Medicines Australia complained that there was a "significant risk" that the availability of such information "will encourage overzealous critics of the pharmaceutical industry to seek to interfere in its normal and legitimate business activities.""The information may be misused by media or consumer groups, which could cause patients to question the value of their prescription and possibly lead them not to fill it," the group submitted to the commission.
Prior notification of events, they argued, could result in "uninvited parties (such as the media) to attend educational meetings for ulterior purposes," they submitted. "This risk could deter doctors from attending."

Instead Medicines Australia proposed that a three person committee, the code of conduct monitoring committee, seek information from member companies about materials and invitations to industry sponsored meetings and include a summary in its annual report. In its final determination the commission dropped its original proposal and opted for the alternative from Medicines Australia.
Martyn Goddard, senior policy officer with the Australian Consumers Association, was dismayed by the commission's retreat: "The ACCC have rolled over on their backs and had their tummies tickled by the drug companies . . . Medicines Australia still has total control. They decide what is going to be publicised and what isn't. They make the judgment about what falls outside the code and what doesn't."
The commission's final determination on the Medicines Australia application is available at
Of course, most medical practioners rely upon medical journals for the latest information. But most journals face an ethical problem in being so closely associated with pharmaceutical companies. These companies are important in that almost all the new drugs of the past 50 years that have transformed medicine have been discovered or developed by them. But the interests of pharmaceutical companies and doctors, patients, and therefore journals (that should put doctors and patients first) are not always the same. A company might want patients to take its drug even though another drug might be better. Companies will push drug rather than non-drug treatments, even though for many conditions—e.g. diabetes—non-drug treatments are often more important.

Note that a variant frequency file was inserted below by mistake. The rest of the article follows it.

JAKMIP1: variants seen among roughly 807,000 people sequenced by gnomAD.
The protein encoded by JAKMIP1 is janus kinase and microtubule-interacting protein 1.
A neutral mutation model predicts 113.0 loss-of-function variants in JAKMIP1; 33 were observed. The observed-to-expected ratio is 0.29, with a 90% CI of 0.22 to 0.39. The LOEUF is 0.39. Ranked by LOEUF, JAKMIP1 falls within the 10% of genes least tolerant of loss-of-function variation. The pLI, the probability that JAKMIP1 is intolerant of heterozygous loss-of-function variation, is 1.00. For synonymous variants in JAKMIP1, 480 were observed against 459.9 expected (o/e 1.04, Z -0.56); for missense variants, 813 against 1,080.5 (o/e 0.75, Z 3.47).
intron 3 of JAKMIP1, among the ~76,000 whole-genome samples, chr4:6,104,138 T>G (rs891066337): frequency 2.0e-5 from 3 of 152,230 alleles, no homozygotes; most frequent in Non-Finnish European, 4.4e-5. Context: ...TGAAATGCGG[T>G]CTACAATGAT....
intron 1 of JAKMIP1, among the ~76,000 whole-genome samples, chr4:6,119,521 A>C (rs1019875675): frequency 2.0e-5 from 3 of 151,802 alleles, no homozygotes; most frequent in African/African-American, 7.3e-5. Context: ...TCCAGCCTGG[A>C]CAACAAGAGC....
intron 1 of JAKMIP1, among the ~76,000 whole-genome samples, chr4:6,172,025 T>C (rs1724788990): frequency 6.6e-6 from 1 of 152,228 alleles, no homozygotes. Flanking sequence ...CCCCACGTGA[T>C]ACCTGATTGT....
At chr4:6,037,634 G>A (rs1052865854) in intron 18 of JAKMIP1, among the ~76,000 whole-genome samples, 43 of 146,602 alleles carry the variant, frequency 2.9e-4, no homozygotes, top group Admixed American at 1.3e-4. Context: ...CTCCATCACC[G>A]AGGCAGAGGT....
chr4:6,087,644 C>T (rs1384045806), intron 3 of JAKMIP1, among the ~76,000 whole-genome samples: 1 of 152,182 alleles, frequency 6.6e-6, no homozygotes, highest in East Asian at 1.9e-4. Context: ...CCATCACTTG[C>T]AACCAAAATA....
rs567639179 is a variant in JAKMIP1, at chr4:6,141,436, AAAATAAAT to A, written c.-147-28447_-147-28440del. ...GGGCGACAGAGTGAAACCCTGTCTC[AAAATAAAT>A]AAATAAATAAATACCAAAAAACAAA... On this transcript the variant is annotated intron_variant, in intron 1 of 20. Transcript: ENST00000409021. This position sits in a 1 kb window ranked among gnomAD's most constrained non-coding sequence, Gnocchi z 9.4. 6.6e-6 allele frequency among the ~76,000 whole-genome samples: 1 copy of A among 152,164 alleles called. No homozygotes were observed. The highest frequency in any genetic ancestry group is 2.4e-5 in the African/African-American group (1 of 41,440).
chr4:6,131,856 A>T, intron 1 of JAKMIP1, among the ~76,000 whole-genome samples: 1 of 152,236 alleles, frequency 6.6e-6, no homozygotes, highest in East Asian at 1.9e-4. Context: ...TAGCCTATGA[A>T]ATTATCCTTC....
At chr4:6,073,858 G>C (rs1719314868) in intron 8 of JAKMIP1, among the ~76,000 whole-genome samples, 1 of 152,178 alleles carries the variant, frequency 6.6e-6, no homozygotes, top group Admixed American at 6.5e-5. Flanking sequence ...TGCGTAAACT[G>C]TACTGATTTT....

Some journals have been captured by pharmaceutical companies because they have come to depend on them. Many, including some of the most prestigious journals, publish mostly trials that are funded by the industry. The results of these trials are rarely unfavourable to the companies. The journals depend on income from advertising and sales of reprints (a company might pay over $1m for reprints of one study, which it funded in the first place). Journals should not attempt to separate themselves from pharmaceutical companies, but the relationship should be more ethically sound.

The GP’s and the Drug Companies

Pharmaceutical companies are the primary customers for prescribing data, which are used both to identify “high-prescribers” and to track the effects of promotion. Physicians are ranked on a scale from one to ten based on how many prescriptions they write. Reps lavish high-prescribers with attention, gifts, and unrestricted “educational” grants Cardiologists and other specialists write relatively few prescriptions, but are targeted because specialist prescriptions are perpetuated for years by primary care physicians, thus affecting market share.
Reps use prescribing data to see how many of a physician's patients receive specific drugs, how many prescriptions the physician writes for targeted and competing drugs, and how a physician's prescribing habits change over time. One training guide states that an “individual market share report for each physician…pinpoints a prescriber's current habits” and is “used to identify which products are currently in favour with the physician in order to develop a strategy to change those prescriptions into Merck prescriptions”